One of the values my school promotes is networking, and all through my time in the African Leadership University, I have constantly been reminded to embody this value. However, my first knowledge of networking was acquired when I joined the Open Dreams Foundation. One of the things that define and distinguish Open Dream members is their extensive web of networks. I vividly remember how one of the program facilitators, Frankline Metoh would always use the phrase “Your network is your net worth” to remind us of the importance of networking during the summer academy. And this phrase has stuck with me right up to this point.
Some days ago, I was privileged to discuss over coffee with one of the thriving female Agric Entrepreneurs in Rwanda, Miss Sakina. Miss Sakina, the founder of Afrifoods Ltd Rwanda, was our guest speaker during one of my class sessions, and I was thrilled by her work and resonated with her mission. Also, I am ardently committed to pursuing an agricultural and agro-processing venture. Hence, I saw this as an excellent opportunity to learn and engage in the sector where my interest lies. I decided to reach out after our class session, and even though she did not respond immediately, I persisted. I adamantly kept by knocks on until she finally responded and invited me over for coffee, much to my surprise. The lack of an immediate response from Miss Sakina did not stop me from reaching out again because I saw a potential value in our relationship. In my opinion, my persistence demonstrated my sincere desire to build a relationship with this woman. I desired to know her better and form a long-lasting relationship that would benefit us in the future. This opportunity to sit and have a conversation with such a powerful woman stemmed from my initial interest and persistence.
Out of excitement, I adorned myself in the blue Open Dreams T-Shirt, which I absolutely love, to our meeting. We had a very insightful conversation about a wide range of topics. Our discussion touched on topics ranging from business to women empowerment, and I was amazed at how ambitious, hardworking, and knowledgeable she is. I keenly listened to her speak passionately about her work, and I was blown away. This encounter instilled in me the need to make more effort to be as successful as she was, as I aspire to establish my own enterprise someday.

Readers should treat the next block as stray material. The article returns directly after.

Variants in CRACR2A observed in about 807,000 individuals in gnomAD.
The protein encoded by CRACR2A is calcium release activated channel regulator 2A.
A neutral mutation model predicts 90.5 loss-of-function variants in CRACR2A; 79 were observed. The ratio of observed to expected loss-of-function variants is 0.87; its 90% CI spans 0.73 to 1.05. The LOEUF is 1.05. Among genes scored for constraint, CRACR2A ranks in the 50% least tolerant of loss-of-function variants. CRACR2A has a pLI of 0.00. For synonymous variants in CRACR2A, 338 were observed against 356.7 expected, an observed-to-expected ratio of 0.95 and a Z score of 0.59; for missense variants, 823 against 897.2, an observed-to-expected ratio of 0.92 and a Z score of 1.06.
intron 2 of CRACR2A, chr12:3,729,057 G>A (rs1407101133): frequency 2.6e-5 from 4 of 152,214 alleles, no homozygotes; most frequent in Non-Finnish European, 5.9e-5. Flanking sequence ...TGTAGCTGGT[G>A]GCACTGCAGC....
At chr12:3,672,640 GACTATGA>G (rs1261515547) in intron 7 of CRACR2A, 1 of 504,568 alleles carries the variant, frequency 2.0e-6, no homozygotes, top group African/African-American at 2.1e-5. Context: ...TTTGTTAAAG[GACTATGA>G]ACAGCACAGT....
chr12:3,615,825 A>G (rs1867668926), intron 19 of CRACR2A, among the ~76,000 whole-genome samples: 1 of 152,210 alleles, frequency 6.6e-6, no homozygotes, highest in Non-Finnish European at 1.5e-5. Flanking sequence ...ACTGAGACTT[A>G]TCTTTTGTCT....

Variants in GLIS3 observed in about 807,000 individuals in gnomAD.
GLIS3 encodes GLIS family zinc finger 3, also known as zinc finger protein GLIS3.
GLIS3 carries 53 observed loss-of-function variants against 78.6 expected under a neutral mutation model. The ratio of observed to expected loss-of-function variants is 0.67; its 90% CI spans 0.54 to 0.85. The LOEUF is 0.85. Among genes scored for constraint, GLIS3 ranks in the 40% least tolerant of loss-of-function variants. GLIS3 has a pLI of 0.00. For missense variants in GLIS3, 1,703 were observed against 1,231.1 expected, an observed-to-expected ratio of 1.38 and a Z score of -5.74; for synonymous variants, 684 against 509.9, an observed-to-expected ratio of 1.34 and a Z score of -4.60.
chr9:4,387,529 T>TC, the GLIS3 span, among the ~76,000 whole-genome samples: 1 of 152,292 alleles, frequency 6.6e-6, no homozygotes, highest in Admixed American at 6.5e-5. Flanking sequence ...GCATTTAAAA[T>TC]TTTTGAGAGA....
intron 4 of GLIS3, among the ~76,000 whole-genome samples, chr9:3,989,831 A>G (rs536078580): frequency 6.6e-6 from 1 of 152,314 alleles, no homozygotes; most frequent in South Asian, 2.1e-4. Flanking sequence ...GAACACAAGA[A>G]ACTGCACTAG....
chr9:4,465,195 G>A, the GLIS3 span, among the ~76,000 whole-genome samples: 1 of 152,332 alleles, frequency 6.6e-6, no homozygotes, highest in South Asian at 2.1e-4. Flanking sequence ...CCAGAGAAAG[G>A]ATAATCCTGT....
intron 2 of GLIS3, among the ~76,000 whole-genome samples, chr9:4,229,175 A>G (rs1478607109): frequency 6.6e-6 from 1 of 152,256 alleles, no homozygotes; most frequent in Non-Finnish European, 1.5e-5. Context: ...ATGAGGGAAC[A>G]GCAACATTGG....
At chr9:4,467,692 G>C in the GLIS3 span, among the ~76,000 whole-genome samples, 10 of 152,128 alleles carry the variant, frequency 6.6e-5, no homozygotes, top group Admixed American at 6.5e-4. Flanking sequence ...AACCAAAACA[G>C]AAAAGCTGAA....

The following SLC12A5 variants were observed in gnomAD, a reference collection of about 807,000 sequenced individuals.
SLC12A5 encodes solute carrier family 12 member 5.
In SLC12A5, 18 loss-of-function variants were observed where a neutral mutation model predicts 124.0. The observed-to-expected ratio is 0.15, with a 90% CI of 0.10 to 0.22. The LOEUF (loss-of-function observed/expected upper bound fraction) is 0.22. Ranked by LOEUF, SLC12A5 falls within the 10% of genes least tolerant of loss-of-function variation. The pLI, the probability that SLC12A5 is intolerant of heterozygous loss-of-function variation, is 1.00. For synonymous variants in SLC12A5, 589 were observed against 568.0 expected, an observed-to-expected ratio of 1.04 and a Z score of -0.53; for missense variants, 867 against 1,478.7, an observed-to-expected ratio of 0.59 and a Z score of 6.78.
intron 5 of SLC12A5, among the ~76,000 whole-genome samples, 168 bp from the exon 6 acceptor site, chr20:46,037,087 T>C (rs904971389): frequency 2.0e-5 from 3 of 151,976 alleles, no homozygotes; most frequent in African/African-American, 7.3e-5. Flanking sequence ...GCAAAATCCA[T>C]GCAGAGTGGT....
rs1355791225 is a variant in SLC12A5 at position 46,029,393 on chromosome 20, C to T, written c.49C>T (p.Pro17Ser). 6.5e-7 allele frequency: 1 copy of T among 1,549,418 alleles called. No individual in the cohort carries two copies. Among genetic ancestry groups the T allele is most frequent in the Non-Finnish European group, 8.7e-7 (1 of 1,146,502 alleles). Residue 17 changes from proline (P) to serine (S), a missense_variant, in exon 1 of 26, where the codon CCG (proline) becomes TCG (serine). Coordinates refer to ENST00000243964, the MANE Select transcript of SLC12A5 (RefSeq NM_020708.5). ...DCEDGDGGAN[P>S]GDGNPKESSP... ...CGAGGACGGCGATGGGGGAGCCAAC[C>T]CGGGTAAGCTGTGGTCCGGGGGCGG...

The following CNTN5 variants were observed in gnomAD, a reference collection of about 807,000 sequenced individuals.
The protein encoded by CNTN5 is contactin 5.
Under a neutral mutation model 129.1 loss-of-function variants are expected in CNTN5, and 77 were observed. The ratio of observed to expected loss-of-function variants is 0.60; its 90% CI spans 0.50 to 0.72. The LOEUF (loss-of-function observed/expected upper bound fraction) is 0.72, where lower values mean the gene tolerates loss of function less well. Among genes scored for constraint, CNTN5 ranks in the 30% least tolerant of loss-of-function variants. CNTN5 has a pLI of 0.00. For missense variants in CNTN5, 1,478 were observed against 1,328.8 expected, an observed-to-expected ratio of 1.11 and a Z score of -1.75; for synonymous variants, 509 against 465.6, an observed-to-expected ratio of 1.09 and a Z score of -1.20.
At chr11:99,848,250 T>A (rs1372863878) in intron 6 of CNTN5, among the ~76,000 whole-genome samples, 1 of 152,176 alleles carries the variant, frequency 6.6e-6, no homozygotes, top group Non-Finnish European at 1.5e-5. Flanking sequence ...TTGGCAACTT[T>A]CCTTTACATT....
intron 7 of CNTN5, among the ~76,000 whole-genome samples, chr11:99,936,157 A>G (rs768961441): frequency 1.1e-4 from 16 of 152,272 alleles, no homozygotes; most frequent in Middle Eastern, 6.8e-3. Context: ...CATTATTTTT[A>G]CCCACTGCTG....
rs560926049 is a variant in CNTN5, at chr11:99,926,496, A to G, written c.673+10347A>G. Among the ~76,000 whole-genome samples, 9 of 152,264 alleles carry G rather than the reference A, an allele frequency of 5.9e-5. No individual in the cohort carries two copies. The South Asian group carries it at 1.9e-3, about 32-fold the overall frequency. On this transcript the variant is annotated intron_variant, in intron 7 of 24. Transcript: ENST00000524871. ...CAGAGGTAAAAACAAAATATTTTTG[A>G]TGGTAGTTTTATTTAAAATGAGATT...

In a nutshell, it was a superb encounter, and I will continue to enjoy the fruit of our meeting as I gained the opportunity to join her team as an intern, as she sorts to expand into the agro-processing sector. Aside from boosting my zest for working harder, our encounter also pushed me to introspect much about my initial and incomplete understanding of what networking entails. I realized that I had learned about networking some time ago but still went about it wrongly. All through my experience till this point, I have understood that networking is much more than collecting or exchanging contacts with well-known successful individuals. But there is a notion of common interest that we often neglect. I realized that networking is about creating long-lasting relationships with people with a common interest. It’s about being open-minded and ready to offer as much as you’re prepared to receive from that individual.
Often, we collect contacts of people we intend to network with but end up not even using them. Sometimes we only manage to reach out once in a while. We must groom and nurture these relationships, expected to be beneficial and to last. Relationships have to be truthful and without greed. There has to be trust, and trust isn’t achieved by simply getting contacts and reaching out when in urgent need of something. Trust is earned through demonstrating genuine interest to know the person and what they do and to see how to be valuable in the relationship.
On this note, I hope we can learn more about networking and relationships to go about it the right way. This new approach will help us groom healthy and long-lasting relations with other people.
Open Dreams Scholar.
ALU - Rwanda